CLARENCE

I shall observe him with all care and love.

CLARENCE

I'll watch over him with all my care and love.

KING

Why art thou not at Windsor with him, Thomas?

KING

So why aren't you at Windsor with him, Thomas?

CLARENCE

He is not there today; he dines in London.

CLARENCE

He's not there today. He's having lunch in London.

KING

And how accompanied? Canst thou tell that?

KING

Who's he with? Do you know that?

CLARENCE

With Poins and other his continual followers.

CLARENCE

He's with Poins and all his other normal followers.

KING

Most subject is the fattest soil to weeds, And he, the noble image of my youth, Is overspread with them; therefore my grief Stretches itself beyond the hour of death. The blood weeps from my heart when I do shape, In forms imaginary, th' unguided days And rotten times that you shall look upon When I am sleeping with my ancestors. For when his headstrong riot hath no curb, When rage and hot blood are his counsellors, When means and lavish manners meet together, O, with what wings shall his affections fly Towards fronting peril and opposed decay!

KING

Weeds always try to grow in the best soil. And he is overrun with them, just like I was in my youth. So I guess my sadness will have to carry on, even after my death. When I think about the days of disorder and the rotten times which are to come—when I will lie sleeping with my ancestors—it makes the blood weep from my heart. For when Hal's headstrong, wild behavior has no limits; when anger and passion are his advisors; when he has the opportunity to do what he wants, oh, his desires will be like a bird, flying headfirst into danger and ruin.

WARWICK

My gracious lord, you look beyond him quite. The Prince but studies his companions Like a strange tongue, wherein, to gain the language, 'Tis needful that the most immodest word Be looked upon and learned; which, once attained, Your Highness knows, comes to no further use But to be known and hated. So, like gross terms, The Prince will, in the perfectness of time, Cast off his followers, and their memory Shall as a pattern or a measure live, By which his Grace must mete the lives of others, Turning past evils to advantages.

WARWICK

My gracious lord, you've shouldn't judge him so harshly. The Prince is only there to observe his companions, in the same way as a person learns another language. For in order to truly understand a language, you need to know even the worst and most immodest word. You need to hear it, learn it, so that once you know it—as your Highness is aware—you can then make sure to avoid using it. So, when the time is right, the Prince will get rid of his followers, just like vile language. When he does that, they will only survive in his memory, as a set of guidelines to judge the actions of others, and thus turn his past bad behavior to his own advantage.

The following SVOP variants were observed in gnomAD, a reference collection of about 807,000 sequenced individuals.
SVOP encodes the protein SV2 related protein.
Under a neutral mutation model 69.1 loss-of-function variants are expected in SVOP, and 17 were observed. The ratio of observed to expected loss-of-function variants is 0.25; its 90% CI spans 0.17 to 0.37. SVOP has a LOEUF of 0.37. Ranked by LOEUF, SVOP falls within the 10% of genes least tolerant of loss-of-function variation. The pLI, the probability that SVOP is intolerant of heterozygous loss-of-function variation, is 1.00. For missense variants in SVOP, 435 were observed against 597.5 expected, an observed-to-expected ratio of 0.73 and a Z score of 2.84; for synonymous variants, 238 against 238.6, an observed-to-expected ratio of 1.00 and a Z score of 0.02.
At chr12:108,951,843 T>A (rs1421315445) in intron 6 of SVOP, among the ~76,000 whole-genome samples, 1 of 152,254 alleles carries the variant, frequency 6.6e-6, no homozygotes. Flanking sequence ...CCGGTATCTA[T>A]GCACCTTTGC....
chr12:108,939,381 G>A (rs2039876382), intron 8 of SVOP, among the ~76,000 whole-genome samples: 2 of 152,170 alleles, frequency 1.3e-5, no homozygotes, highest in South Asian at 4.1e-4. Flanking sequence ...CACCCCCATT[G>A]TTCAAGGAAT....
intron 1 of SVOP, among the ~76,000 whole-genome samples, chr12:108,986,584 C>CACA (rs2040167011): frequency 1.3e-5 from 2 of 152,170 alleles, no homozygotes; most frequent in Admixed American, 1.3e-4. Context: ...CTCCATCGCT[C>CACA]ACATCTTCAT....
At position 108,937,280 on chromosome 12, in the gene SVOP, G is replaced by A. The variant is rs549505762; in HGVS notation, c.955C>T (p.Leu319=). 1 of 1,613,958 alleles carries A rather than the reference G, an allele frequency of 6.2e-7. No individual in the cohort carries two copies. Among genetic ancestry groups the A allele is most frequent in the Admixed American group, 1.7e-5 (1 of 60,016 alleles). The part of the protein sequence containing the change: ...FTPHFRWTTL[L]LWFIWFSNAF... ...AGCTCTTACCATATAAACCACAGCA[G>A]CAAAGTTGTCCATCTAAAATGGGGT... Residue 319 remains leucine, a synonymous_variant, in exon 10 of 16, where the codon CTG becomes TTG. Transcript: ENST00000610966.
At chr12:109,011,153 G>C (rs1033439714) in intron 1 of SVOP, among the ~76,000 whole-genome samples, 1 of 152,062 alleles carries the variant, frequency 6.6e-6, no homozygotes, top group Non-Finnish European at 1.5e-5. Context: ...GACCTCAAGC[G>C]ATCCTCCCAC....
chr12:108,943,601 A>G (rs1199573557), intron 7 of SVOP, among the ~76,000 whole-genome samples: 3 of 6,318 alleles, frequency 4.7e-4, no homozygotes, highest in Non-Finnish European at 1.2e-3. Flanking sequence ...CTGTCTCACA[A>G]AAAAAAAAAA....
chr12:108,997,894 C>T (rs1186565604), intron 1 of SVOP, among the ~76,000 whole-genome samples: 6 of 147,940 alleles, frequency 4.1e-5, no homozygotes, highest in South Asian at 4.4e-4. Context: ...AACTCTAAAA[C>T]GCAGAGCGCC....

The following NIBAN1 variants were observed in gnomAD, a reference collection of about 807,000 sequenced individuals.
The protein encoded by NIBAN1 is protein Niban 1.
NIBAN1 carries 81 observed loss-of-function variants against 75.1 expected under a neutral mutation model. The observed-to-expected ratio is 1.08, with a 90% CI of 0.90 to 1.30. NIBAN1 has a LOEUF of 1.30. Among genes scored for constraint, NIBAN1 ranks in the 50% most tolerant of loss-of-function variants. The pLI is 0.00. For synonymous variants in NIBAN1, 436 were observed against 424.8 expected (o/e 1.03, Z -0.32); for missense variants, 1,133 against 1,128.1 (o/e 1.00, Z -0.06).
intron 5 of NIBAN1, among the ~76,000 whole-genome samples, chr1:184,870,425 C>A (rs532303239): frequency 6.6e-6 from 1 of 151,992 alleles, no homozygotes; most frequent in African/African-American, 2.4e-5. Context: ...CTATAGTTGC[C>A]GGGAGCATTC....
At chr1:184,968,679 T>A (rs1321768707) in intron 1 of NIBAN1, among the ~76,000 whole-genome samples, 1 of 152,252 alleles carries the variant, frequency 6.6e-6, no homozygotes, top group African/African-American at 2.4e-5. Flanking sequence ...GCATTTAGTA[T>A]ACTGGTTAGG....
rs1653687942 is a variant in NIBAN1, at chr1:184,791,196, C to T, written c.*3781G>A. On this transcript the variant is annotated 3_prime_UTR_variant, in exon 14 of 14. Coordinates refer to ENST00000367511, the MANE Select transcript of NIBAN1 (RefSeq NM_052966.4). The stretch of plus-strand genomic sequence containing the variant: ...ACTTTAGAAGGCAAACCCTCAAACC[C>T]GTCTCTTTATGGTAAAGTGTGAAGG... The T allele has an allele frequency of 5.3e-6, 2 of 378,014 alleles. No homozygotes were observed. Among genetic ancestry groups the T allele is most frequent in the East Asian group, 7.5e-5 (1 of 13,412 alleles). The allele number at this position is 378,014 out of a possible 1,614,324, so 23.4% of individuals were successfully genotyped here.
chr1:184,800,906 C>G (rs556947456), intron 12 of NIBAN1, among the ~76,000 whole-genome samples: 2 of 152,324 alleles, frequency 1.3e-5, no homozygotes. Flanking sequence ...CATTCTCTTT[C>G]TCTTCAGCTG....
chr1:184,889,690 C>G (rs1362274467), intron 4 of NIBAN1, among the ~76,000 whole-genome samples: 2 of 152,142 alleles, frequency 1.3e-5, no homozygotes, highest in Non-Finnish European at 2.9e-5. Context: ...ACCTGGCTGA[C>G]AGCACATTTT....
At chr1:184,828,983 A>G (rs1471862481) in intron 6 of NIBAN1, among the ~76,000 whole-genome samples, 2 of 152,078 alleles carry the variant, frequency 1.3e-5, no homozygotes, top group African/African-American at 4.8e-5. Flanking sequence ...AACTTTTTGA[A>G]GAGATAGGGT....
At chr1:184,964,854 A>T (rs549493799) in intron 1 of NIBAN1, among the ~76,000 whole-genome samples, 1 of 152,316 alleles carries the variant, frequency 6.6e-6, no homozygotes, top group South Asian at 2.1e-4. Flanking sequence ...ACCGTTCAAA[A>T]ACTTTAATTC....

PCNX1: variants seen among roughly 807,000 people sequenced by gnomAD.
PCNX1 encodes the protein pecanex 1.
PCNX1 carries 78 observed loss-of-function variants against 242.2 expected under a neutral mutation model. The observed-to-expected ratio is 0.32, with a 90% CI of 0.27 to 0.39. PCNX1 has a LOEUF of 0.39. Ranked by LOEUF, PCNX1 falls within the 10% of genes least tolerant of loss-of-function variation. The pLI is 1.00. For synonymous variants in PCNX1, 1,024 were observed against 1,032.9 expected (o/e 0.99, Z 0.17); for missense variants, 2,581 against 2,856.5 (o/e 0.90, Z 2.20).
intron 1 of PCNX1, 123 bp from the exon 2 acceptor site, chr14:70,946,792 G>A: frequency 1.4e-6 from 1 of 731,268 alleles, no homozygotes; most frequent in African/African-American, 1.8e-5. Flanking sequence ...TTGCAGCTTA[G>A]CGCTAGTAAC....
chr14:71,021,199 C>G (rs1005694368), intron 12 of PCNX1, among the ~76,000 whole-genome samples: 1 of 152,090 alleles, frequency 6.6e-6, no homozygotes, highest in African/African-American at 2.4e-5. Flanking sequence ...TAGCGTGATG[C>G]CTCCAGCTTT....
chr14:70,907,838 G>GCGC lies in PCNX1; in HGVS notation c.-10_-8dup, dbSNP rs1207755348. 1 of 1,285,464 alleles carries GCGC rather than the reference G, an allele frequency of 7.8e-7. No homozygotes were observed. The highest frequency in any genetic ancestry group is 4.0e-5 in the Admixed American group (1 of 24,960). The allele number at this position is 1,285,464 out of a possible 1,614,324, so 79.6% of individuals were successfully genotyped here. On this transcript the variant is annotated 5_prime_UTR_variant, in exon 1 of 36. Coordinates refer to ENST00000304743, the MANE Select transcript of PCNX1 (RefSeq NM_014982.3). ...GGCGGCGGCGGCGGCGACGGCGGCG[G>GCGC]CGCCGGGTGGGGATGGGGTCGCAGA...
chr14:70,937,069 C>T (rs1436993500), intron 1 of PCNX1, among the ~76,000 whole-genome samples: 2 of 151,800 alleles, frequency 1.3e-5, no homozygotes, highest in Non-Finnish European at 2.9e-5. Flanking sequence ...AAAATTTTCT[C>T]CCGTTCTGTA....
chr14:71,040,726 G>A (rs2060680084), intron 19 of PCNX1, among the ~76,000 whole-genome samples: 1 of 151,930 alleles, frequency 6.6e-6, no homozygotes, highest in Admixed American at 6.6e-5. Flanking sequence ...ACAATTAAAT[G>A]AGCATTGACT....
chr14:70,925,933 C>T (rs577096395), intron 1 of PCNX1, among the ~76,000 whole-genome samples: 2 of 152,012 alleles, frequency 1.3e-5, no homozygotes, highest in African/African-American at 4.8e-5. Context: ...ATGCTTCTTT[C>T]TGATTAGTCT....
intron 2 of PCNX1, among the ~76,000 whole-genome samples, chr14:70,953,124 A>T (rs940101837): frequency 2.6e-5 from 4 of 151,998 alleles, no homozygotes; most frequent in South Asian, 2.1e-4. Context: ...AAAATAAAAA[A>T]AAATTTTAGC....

KING

'Tis seldom when the bee doth leave her combIn the dead carrion.

KING

It's very rare that a bee will make a new nest in a dead animal's carcass. Likewise, I will be very surprised if Hal ever leaves behind his companions.

Enter WESTMORELAND

Who’s here? Westmoreland?

Who's there? Is that you, Westmoreland?

WESTMORELAND

Health to my sovereign, and new happiness Added to that that I am to deliver. Prince John your son doth kiss your Grace’s hand. Mowbray, the Bishop Scroop, Hastings, and all Are brought to the correction of your law. There is not now a rebel’s sword unsheathed But peace puts forth her olive everywhere. The manner how this action hath been borne Here at more leisure may your Highness read With every course in his particular.

WESTMORELAND

I wish your Majesty good health, and even more happiness than my happy news will bring you. Prince John, your son, sends his love. Mowbray, the Archbishop of York, and Hastings have all been arrested. There are no rebels left anywhere. Peace now holds out her olive branch everywhere. If your Highness wants to know more about how all of this happened, you can read about it in this letter.